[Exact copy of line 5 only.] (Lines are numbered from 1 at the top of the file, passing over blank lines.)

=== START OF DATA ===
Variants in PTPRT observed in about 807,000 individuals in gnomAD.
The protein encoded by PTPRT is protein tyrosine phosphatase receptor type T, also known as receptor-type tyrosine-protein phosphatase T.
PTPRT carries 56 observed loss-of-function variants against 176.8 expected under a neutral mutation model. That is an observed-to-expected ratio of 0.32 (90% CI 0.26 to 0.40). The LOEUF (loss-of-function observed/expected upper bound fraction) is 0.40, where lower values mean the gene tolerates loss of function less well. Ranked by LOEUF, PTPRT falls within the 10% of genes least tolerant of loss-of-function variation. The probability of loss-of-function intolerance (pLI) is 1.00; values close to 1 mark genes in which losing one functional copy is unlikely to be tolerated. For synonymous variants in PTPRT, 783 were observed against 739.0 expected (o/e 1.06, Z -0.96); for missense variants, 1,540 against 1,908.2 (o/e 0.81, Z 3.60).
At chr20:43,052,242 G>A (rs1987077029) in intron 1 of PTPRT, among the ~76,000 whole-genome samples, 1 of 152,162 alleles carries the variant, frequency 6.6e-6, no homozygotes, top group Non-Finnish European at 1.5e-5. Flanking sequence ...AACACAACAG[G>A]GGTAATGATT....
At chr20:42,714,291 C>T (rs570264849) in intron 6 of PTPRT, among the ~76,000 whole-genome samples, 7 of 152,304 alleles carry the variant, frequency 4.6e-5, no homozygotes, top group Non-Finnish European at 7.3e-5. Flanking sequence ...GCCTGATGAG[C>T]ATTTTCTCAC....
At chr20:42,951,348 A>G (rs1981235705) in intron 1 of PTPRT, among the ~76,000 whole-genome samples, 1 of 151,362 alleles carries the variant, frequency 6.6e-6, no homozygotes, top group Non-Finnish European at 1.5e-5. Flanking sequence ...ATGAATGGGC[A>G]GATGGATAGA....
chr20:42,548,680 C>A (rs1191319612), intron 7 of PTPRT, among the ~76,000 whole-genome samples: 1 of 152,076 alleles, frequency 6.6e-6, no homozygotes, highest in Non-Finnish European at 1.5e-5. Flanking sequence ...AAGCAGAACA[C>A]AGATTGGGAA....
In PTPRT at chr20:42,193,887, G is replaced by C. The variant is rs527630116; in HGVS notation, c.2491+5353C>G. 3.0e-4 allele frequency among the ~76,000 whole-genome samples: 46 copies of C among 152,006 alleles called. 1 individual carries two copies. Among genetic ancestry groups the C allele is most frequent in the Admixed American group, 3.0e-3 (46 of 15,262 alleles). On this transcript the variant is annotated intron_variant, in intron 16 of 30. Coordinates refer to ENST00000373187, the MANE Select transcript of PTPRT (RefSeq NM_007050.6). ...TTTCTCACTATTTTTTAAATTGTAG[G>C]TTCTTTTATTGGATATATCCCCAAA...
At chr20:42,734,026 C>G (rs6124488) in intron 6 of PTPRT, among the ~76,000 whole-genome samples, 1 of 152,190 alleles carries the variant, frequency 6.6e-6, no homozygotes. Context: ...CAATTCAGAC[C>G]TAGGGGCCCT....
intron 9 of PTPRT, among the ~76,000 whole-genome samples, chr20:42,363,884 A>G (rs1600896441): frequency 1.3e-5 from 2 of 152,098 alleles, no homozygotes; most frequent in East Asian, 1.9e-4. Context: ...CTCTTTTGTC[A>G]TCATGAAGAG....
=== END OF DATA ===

At chr20:42,714,291 C>T (rs570264849) in intron 6 of PTPRT, among the ~76,000 whole-genome samples, 7 of 152,304 alleles carry the variant, frequency 4.6e-5, no homozygotes, top group Non-Finnish European at 7.3e-5. Flanking sequence ...GCCTGATGAG[C>T]ATTTTCTCAC....